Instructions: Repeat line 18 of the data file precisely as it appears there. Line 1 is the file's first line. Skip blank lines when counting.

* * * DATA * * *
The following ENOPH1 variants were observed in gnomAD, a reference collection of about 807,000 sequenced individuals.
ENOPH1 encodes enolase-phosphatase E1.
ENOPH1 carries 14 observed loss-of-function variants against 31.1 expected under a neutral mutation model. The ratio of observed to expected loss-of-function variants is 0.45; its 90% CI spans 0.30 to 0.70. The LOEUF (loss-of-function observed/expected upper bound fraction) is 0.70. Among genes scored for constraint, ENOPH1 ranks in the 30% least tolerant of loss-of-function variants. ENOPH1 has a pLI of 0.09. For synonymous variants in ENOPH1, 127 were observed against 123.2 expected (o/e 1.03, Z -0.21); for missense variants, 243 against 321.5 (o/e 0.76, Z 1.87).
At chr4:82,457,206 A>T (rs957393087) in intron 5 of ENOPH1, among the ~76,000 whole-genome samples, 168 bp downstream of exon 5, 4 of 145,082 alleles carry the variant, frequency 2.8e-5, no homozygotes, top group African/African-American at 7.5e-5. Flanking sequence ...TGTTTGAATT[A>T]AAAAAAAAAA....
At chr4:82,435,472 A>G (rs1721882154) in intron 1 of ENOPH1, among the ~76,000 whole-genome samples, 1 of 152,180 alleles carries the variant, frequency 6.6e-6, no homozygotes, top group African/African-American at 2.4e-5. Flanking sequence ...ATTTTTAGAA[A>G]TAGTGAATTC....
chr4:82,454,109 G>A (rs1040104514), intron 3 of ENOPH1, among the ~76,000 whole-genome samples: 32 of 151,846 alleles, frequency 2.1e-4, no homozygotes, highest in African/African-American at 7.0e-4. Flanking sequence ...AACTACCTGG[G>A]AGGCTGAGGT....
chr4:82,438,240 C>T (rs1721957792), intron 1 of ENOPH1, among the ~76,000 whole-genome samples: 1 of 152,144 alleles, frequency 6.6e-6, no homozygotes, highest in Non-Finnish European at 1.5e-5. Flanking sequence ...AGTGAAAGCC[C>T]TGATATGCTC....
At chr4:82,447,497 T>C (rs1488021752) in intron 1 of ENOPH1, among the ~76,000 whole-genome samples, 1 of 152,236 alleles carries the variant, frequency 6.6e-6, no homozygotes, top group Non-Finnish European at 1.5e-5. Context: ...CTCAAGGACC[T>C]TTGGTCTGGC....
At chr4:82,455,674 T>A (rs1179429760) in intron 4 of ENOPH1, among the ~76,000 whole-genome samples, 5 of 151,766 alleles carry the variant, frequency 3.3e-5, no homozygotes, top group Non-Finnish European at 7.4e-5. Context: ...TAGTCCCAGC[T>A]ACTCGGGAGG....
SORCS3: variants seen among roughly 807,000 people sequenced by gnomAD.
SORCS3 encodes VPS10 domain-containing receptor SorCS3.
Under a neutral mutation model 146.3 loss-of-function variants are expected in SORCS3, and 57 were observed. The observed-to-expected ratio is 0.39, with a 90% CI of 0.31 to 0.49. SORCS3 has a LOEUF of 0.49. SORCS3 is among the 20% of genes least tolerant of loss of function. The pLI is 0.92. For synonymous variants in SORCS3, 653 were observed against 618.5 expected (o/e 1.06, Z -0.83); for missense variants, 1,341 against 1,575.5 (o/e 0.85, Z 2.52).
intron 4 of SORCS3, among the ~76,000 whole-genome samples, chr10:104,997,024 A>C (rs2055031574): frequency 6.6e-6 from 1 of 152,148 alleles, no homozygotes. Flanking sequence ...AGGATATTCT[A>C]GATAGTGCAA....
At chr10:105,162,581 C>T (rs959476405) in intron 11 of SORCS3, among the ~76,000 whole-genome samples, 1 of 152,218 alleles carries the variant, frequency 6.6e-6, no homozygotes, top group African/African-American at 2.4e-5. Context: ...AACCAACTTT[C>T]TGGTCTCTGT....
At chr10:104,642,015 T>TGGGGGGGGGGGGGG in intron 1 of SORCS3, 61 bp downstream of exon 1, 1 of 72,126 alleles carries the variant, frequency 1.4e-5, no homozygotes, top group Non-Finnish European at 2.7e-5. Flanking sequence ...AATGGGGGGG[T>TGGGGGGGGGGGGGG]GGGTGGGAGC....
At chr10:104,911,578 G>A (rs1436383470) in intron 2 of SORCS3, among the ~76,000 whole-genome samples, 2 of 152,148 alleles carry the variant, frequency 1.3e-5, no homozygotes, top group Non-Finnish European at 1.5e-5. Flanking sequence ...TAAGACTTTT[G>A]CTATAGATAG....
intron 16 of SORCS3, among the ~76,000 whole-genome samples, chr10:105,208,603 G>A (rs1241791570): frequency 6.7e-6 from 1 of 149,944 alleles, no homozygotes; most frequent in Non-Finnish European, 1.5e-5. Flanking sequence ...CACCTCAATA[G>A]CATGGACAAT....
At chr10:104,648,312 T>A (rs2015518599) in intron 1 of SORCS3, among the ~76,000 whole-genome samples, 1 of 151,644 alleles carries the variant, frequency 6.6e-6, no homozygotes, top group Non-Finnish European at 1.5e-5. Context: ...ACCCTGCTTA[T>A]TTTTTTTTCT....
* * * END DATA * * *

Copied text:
At chr10:104,648,312 T>A (rs2015518599) in intron 1 of SORCS3, among the ~76,000 whole-genome samples, 1 of 151,644 alleles carries the variant, frequency 6.6e-6, no homozygotes, top group Non-Finnish European at 1.5e-5. Context: ...ACCCTGCTTA[T>A]TTTTTTTTCT....